Quite the wait

This is not the way I wanted to start a new year – by having 10 days between blog posts. Writing a blog post has been on my list of things to do for over a week, and somehow, other things kept taking precedence. There’s nothing I can do about that now; I can only try to do better as we move forward.

In my last post I showed you some cashmere silk eggshell lace scarves on my counterbalance loom, and promised more info about them. Here it is, finally.

At one of my December shows a customer ordered two custom cashmere silk lace scarves. I’m always happy to comply with these requests, although I had to tell this woman that she couldn’t have exactly what she wanted. She wanted a scarf just like the one I was wearing. Should have been simple, shouldn’t it? But it wasn’t.

I was wearing one of the eggshell lace scarves I’d made on my Macomber when I was trying a new pattern. Those scarves were not stable enough, and can’t be sold. I often wear one at a show because they go with everything, and when I’m wearing the scarf the problems are not obvious. So I explained why I would have to modify the pattern in her scarf. She understood, but was clear that she wanted me to get as close as possible. I assured her I’d try.

I knew that I couldn’t really know what would work by using another fiber; I had to do my testing with cashmere silk yarn. I also knew I had a limited quantity of the eggshell, a popular color, and I didn’t really want to use any of it up in samples/tests that may or may not be successful. So I decided to use my least-requested color, a bright Christmas red.

I also decided that I would only use a lace pattern I could weave on my counterbalance loom. The cashmere silk scarves I’ve woven on the counterbalance loom have been almost completely successful; the ones I’ve woven on my Mac not so much. I think it’s a combination of the loom and the weave structures I’ve chosen, but I almost always make the tension too tight and distort the scarves.

So I spent some time with my Fiberworks software, and using block design strategies, created a Swedish lace draft. I measured out enough warp for two red scarves, and threaded up the loom. I set off weaving, and was pleased with the results. Although it’s clear that while a piece is still on the loom you can’t tell for certain what it will look like after wet finishing, with practice you can get a good idea.

As I was weaving the first scarf, I decided that I could get even closer to my customer’s wishes. So I cut off that scarf, wet finished it to be sure I was right, and re-threaded the loom. I was also happy with the second scarf. Here are both of them.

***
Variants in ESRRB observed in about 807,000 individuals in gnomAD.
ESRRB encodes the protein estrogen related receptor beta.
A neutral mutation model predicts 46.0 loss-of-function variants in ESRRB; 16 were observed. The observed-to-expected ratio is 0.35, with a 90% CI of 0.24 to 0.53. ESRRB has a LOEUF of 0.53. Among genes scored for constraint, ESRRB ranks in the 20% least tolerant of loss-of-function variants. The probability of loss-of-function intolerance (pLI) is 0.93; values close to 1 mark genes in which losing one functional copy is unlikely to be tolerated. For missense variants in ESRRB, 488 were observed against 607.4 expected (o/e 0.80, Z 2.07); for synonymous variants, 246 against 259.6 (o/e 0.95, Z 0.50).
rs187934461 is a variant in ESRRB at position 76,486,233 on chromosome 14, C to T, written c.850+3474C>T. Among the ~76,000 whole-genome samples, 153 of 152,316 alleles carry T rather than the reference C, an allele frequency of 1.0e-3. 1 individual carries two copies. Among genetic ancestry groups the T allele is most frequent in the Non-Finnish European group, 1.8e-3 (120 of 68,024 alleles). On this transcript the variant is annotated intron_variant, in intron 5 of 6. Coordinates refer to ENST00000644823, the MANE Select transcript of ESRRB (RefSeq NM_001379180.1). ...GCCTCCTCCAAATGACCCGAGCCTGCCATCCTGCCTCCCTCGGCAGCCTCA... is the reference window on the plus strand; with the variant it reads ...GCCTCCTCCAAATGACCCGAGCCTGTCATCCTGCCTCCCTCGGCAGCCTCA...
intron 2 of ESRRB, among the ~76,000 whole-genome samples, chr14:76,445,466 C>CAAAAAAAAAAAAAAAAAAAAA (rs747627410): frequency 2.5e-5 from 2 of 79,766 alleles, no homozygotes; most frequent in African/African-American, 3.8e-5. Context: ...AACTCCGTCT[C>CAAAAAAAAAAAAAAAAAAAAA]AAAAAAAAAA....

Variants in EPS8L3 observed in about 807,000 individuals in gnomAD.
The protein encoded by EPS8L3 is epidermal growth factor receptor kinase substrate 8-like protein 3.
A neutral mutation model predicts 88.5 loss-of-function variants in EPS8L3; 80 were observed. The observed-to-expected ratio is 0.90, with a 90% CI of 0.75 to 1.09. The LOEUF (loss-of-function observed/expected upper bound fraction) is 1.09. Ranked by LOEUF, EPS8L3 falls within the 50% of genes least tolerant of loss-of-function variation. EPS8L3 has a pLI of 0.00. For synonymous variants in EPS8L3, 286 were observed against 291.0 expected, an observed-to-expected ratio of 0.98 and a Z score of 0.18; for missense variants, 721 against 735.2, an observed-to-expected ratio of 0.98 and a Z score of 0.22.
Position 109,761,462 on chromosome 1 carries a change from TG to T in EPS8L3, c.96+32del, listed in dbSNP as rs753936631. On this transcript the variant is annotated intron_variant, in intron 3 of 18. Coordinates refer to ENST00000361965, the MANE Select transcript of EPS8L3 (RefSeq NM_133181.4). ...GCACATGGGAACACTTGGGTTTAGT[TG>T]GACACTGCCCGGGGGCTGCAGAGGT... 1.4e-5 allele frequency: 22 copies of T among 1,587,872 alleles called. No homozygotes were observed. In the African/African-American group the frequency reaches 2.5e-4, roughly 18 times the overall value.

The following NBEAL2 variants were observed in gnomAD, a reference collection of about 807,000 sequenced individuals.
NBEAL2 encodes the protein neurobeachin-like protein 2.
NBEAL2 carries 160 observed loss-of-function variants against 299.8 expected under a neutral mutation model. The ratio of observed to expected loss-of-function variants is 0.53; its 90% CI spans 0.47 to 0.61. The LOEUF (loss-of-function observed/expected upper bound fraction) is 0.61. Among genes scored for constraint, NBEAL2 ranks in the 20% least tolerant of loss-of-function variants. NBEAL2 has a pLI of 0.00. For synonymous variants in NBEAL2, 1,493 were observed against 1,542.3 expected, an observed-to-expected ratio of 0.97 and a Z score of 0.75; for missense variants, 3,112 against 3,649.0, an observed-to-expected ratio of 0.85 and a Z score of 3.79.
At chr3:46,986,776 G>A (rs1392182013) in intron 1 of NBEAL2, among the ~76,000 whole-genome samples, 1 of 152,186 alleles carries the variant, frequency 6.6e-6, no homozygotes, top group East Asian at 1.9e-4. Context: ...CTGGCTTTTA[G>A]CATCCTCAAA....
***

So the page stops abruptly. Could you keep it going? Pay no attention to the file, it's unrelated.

handwoven cashmere silk scarves - red lace

After wet finishing the second scarf, I decided I could make even more changes to get even closer to my customer’s wishes. I also figured that I ought to warp for four scarves instead of my usual three, since I have had lots of customer interest in eggshell scarves. So I was off and running.

Unfortunately, things didn’t go quite as smoothly with the eggshell scarves. It had nothing to do with the modifications to the draft. For reasons that I never could quite identify, I had all sorts of problems with the threads near the selvedges. They broke often, they fuzzed up, the refused to produce straight selvedges. I tried all the tricks I knew — weighting the selvedge threads, doubling those threads, using a temple — nothing made any difference. Ultimately, I did get four saleable scarves woven, but I’m embarrassed by the selvedges on all of them to one degree or another. I’m not showing you a closeup of them with good reason. But here are two of the scarves. (You can tell at a glance I haven’t pressed them yet.)
cashmere & silk handwoven scarves, eggshell lace

Actually, I did have one idea about the selvedge problem with the eggshell scarves. The reed I use on my counterbalance loom is the one that came with it when I bought the loom, after it had sat in a damp garage for more than a year. The reed was very rusty, and I was poor, so I cleaned it with naval jelly, a stiff brush, and lots of elbow grease. Although it didn’t hassle the red yarn, I guessed that the eggshell yarn was just a bit more delicate, and that there were possibly tiny burs on the red that frayed the yarn. So I bit the bullet and ordered a brand new stainless steel reed. I figured that my little loom got enough use that it (and I) deserved a new tool. The reed was out of stock, so I’ll have to wait a few weeks for it to arrive.

Of course, I’m weaving in the interim (tempus fugit, ya know), but I had to work on another order before I went back to the cashmere & silk. The eggshell was pretty frustrating, and the other special order is for black. The only other black cashmere silk scarves I made had a similar selvedge problem, and I didn’t think my brain could handle it. I’m hoping (probably without much chance of success) that the reed will come in quickly and I can use it for the black scarves.

I promise, I’ll try to post more frequently. I want to show you what I have on that little rigid heddle loom (and I want to get back to that!), the order that’s on my counterbalance now, and my plans for the towel exchange I joined this year.

Your turn: what have you been doing since the year changed its number?

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